My Lords, I was slightly confused because I thought the Minister would start by reading the Statement—I do not quite know what happened, but I have obviously got that wrong.
We welcome the fact that children and young people are returning to school, and we have to do all in our power to make this work successfully—and to make it safe. Naturally, the Government have produced reams of guidance for schools. Head teachers have told me that some of it is quite contradictory. I shall give one example. The guidance says:
“No-one should be excluded from education on the grounds that they are not wearing a face covering.”
Yet it also says that when children are walking down corridors or are in open-access areas in schools they should wear a face covering. However, the guidance says that, no, you should not be excluded or told that you had to wear one. That guidance has to be there—I understand that—but head teachers, schools and teachers are looking for simplified, easy-to-follow advice that they can adhere to.
During this period of school closures, children have fallen further and further behind, particularly disadvantaged pupils and those from BAME communities. Schools should be doing everything in their power to ensure that those children are able to catch up on those lost months of learning. I have seen it floated that the Government are considering doing some formative or summative testing to find out what the gap is and what the loss of learning is and how that can be supported. I welcome that—it is an important initiative that should happen.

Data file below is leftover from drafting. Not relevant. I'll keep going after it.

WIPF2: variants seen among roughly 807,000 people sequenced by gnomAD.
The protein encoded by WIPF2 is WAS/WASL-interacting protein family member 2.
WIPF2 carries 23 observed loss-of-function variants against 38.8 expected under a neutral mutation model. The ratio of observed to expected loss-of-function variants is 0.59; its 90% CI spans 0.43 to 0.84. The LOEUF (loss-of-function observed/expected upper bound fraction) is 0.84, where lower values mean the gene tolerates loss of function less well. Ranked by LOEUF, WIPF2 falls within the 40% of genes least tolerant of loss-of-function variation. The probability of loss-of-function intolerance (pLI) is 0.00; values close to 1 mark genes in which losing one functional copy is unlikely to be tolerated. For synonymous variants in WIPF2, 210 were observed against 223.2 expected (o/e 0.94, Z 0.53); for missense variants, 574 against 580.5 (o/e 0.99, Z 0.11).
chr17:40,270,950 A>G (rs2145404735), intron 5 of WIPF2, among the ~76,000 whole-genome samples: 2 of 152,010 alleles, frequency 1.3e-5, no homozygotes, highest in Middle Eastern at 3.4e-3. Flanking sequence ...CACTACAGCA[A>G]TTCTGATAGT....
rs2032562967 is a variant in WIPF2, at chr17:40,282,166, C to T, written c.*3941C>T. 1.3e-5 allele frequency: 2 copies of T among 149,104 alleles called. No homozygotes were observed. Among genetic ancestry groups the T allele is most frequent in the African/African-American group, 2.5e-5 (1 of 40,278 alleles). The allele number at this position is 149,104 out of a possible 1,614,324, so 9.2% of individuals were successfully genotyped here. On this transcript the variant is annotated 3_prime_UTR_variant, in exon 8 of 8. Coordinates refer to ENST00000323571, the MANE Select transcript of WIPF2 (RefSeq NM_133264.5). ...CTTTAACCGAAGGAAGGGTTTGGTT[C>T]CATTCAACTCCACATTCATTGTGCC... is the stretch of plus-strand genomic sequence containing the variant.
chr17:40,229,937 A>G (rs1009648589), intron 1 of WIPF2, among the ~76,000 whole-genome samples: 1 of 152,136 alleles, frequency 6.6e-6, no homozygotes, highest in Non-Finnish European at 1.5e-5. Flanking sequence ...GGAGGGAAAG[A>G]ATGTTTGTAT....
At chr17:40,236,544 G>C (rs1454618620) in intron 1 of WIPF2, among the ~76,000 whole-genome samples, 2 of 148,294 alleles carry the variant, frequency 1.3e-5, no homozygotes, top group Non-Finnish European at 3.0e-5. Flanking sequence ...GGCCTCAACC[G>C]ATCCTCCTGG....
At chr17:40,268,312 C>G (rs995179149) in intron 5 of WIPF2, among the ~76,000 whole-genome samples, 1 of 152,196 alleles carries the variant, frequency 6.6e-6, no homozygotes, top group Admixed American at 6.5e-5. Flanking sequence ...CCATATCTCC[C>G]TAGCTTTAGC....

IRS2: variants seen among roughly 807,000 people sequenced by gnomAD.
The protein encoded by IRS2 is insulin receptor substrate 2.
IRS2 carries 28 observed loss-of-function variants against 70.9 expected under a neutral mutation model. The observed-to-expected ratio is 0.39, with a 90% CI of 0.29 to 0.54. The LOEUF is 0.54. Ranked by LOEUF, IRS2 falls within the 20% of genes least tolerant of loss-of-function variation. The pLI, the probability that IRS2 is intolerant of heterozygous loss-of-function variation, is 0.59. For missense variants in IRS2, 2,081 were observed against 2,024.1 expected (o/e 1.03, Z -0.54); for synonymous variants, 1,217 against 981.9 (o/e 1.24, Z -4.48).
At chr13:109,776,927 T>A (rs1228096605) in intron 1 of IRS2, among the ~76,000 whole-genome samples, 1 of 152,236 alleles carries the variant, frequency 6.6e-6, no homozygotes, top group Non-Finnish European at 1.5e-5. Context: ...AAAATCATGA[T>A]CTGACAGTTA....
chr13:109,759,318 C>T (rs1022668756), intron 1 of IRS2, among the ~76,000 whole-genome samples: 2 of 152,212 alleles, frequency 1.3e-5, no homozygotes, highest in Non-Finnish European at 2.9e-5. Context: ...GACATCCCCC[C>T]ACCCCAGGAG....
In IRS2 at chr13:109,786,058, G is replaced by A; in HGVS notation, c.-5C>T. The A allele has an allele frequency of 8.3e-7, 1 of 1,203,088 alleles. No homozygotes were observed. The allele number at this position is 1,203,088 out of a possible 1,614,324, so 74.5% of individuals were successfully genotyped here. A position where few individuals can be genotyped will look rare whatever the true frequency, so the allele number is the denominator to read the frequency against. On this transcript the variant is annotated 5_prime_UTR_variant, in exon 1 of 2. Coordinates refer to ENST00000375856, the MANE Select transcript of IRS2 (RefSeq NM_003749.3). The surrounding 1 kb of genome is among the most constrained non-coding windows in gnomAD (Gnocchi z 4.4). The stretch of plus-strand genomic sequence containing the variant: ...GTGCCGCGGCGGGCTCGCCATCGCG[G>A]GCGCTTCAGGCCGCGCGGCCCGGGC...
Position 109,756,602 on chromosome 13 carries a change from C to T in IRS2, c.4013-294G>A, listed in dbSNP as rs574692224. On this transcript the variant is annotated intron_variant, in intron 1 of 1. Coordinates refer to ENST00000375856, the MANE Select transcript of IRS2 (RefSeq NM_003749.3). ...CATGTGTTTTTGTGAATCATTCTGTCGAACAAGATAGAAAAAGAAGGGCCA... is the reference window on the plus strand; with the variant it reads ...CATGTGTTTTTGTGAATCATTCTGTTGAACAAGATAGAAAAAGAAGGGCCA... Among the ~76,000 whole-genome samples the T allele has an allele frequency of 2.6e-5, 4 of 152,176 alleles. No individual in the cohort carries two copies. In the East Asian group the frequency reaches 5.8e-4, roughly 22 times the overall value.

I am concerned about three areas. One is that, during the period of school closures, children and young people who were excluded from school—they were not on any register because they were excluded—and those young people in alternative provision were the most vulnerable pupils in our system, and they need extra support and help. I do not know what the Government view on that should be, but alternative providers are concerned that those young people could easily get into further trouble.
Then there is the question of the 60,000 home-educated children. I strongly believe, as I suspect the Minister does, that now is the right time to introduce a policy to ensure that home-educated pupils are registered so that we know what is going on in their learning. However, I was concerned to see that external, home-schooled students have not received an A-level or GCSE grade. Could the Minister shed light on this? I am told that 20,000 students have been informed by their institutions that they will not receive a GCSE grade this year.
Let me give noble Lords the case of a young man from Oxford—I apologise to the Minister for throwing this out now and I will give her the correspondence afterwards. Due to personal reasons, he had to be home educated and do his own learning for biology, chemistry and physics at GCSE and A-level. He had a place at a university, but he has been told—I presume that this is true of other young people too—that he will not get a grade because he was an external candidate, not through a school. That is incredibly worrying. Could the Minister look at this issue?
Finally, I go back to mainstream schools. If, God forbid, a pupil is tested as Covid positive, who tells the school? Who tells the head teacher? Is it left to the parents to inform the school? Who is it left to? I am told by head teachers that there are no processes whereby the testing regime should automatically inform the head teacher. That is crucial for the well-being of schools and pupils, and to making the return to full-time education successful.